Such were the “personal findings” I was going to present. It was a story about the perils of ex post facto photo identification and the thankless job of investigating the JFK story.
But I was mistaken. Trump was not referring to Ehara. He was referring to the man to the right of Oswald in the photo (by his left shoulder) who never was identified.
So my story about Ehara and Borja and the photo was irrelevant to the Trump controversy. I decided not to right about it.
Borja died in 2014. He was good-humored, candid, and thoughtful man who sat for several interviews. I had no desire to drag his name or photo into the JFK fever swamps, where they might be misused by careless conspiracy theorist like Donald Trump. I never followed up with my “personal findings.”
I explained all this to Kreig. I never claimed to have a “secret source.” I told him the bare bones of the story above. I plead guilty to being careful.
2) Kreig disputes my assertion “that there is no evidence that the man was Cruz”
In the era of Trumpian lies, it is necessary to repeat ad nauseum against the Internet trolls, that there is no evidence–zero, zip, nada, none–that the man in the photo of Lee Oswald on August 16, 1963 was Rafael Cruz, father of Ted.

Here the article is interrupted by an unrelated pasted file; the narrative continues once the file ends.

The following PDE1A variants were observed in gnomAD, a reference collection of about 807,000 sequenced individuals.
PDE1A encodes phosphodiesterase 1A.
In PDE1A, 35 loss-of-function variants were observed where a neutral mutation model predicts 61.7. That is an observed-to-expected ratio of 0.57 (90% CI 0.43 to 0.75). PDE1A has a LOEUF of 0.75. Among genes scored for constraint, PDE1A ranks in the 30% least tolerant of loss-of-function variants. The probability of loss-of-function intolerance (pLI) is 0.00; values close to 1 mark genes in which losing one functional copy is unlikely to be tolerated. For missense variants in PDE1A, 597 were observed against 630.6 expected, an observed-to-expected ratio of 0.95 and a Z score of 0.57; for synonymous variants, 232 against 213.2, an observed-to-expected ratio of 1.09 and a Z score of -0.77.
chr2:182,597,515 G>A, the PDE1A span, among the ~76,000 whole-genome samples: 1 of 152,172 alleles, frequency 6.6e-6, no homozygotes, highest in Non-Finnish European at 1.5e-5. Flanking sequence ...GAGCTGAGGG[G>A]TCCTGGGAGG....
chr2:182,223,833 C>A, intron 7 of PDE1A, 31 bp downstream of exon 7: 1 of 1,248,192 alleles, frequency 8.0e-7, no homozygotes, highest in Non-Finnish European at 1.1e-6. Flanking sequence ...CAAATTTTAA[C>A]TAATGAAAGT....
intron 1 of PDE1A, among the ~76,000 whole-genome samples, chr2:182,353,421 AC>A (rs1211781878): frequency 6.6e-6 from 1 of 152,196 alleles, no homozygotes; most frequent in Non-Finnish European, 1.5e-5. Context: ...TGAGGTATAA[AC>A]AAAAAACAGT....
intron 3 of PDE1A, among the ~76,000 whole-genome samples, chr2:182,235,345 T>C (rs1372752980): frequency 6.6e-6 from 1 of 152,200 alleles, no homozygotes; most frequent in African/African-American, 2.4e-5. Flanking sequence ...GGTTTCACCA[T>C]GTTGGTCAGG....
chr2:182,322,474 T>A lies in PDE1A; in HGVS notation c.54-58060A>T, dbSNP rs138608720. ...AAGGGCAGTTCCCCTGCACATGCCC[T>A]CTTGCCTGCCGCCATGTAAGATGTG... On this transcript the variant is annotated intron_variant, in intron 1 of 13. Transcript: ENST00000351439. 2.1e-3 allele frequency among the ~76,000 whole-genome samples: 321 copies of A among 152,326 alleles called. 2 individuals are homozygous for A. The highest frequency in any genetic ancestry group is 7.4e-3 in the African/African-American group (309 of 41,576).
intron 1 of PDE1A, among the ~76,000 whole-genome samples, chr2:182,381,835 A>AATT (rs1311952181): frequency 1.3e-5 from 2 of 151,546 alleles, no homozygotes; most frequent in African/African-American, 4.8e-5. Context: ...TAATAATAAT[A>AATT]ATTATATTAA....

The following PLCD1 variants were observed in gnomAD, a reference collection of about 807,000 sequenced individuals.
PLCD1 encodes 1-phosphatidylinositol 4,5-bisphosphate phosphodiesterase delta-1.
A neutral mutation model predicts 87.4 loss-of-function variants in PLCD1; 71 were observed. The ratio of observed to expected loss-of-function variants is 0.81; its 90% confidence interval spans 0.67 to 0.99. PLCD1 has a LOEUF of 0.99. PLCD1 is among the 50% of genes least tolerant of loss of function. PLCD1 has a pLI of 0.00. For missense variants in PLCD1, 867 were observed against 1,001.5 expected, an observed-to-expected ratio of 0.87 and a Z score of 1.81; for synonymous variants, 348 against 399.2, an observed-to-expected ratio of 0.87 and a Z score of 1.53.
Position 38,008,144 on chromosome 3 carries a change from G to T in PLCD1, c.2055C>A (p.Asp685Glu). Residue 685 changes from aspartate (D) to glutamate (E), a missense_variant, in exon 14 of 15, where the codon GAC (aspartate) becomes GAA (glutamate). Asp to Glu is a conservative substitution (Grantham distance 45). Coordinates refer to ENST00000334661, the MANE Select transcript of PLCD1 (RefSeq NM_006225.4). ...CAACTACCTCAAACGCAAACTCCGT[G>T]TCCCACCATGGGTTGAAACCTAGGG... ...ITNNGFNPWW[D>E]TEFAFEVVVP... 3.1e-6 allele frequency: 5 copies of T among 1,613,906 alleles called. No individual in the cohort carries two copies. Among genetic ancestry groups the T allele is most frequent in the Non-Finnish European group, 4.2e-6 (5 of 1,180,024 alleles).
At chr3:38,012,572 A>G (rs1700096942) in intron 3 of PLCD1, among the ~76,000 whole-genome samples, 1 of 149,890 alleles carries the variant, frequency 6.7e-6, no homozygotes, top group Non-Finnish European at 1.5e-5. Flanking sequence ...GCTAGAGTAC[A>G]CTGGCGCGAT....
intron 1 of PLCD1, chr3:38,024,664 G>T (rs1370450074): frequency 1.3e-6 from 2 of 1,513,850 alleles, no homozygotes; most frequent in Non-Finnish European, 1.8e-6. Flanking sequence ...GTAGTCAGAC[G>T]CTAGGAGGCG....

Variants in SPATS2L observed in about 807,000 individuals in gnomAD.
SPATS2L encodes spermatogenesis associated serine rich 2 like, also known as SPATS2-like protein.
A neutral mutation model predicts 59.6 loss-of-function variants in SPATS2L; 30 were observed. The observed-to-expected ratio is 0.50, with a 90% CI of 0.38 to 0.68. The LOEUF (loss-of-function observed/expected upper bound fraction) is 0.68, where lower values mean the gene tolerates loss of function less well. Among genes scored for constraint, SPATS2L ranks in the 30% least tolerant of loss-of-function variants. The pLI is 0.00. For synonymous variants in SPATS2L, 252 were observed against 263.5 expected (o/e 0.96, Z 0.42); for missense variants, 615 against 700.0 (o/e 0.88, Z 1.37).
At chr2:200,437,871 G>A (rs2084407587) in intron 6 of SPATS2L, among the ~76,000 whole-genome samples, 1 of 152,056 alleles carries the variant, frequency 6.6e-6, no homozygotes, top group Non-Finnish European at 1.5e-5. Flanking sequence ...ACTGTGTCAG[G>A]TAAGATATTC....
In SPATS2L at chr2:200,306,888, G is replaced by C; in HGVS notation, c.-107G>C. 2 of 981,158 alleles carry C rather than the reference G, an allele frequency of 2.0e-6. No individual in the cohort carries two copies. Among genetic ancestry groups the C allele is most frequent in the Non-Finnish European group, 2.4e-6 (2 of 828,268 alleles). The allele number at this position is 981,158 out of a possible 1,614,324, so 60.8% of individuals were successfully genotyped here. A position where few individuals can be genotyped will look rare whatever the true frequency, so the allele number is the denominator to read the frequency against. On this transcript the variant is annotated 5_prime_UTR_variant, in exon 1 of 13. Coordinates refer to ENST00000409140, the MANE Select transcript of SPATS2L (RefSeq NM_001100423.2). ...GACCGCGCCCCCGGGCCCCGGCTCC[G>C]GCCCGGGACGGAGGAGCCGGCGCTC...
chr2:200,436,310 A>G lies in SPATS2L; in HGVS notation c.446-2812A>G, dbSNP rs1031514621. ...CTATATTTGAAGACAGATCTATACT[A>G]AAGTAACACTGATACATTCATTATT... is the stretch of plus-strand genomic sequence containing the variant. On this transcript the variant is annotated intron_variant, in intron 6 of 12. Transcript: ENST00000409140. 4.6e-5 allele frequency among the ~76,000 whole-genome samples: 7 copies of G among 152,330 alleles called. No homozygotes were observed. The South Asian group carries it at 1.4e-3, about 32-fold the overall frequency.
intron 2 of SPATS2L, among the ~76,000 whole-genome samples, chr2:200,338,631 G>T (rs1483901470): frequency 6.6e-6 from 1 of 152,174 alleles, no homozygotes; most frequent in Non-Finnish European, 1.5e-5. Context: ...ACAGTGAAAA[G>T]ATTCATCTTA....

If Trump (or Madsen or anyone else) has such evidence, I will be glad to publish it. Trump has presented none. If you wonder, why the Trump Foundation is taking donations.
(Tim Brennan has a good autopsy of the Oswald photo and the Trump smear here.)
3) I am accused of saying that Wayne Madsen, the blogger who originated Trump’s hoax “was essentially a conspiracy nut with no credibility.”
I never wrote that Madsen was “a nut.” I described him, accurately, as a “conspiracy theorist.” Per the Trump photo, Madsen wrote he “has been informed by a source that the individual to Oswald’s left is none other than Rafael Cruz.”
Madsen has no credibility because he has never identified his source.
Yesterday Madsen published a piece, arguing that “David Duke may be a paid actor to act as a millstone around Donald Trump’s neck.”
Sure. And “Barack Obama may be a paid Muslim to act as a millstone around America’s neck.”
Madsen, like Trump, is peddling pernicious conspiracy theories that deserve contempt. To get Madsen’s evidence, you have to pay him some money. Maybe Trump will to pony up with a donation from his foundation. Maybe not.